Nevertheless, the book is extremely comprehensive in the outlook that it does take. Goldblatt examines the history of the game on practically (often literally) a nation by nation basis, covering the entire world. He divides the book both by historical era and geographical location, so that chapters generally alternate back and forth from one continent to the next while the book proceeds gradually forward through historical time. Unfortunately, much of this content ends up being tedious and scrapped together.
THE BALL IS ROUND starts off well, the sections about the early history of the game are excellent and I recommend them, but after the first one or two hundred pages, the quality of prose and content rapidly decline. Goldblatt approaches this history with a relentless determination both to editorialize it and to cast it in literary terms, leading to often tortured descriptions of situations and events. It becomes a long, slow, uphill slog. There is a lot of information here, but you will really have to work for it. The book's prose and structural coherence gradually disintegrate into an awkward litany of facts and propositions, even to the point of virtual incoherence. For example, "If the Premiereship has come to signal the renascent successes and costs of England's new commercially minded private sector and the tastes of its comfortable middle classes, the fate of the national team has offered more complex readings." Really slow down and try to parse that sentence.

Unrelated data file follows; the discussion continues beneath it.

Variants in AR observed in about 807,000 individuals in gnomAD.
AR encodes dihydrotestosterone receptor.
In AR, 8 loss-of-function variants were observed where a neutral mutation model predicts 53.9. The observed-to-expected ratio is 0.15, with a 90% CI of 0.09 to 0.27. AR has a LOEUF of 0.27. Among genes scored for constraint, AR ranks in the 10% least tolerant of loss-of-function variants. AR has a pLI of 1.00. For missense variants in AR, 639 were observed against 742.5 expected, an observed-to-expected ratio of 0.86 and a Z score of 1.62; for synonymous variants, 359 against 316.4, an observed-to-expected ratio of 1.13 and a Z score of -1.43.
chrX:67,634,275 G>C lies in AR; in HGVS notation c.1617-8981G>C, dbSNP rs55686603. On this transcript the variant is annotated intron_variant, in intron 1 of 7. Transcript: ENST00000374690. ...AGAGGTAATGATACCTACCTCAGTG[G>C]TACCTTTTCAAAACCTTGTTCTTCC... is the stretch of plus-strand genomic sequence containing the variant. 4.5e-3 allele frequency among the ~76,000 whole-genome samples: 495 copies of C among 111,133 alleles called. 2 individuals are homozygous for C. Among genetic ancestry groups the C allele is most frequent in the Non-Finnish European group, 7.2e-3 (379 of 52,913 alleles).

With a lot more editing, and perhaps another year or three of work, I think this book could have realized its high ambitions and been a classic. As it is, it is neither a good historical survey nor an engaging read for the football/soccer enthusiast. There is much to learn about world history and the history of soccer within the pages of THE BALL IS ROUND, and the sections on the early history of the sport are really very good, but the middle sections of the book lack structure and are poorly written. It gets a bit better again towards the end.
One interesting thing this book revealed was how rife with corruption the entire history of the sport of soccer has been. Goldblatt does not shy away from these ugly moments, which are often swept under the rug by other books and commentators.
I wish I could give this book a more positive review, but I have to be honest. I know of few readers who would push past the two or three hundred page mark on this one, and perhaps that is why there are only a handful of reviews here in spite of the sport's surging popularity in the US. Being stubborn and reading the whole thing like I did is unlikely to be a satisfying use of your time.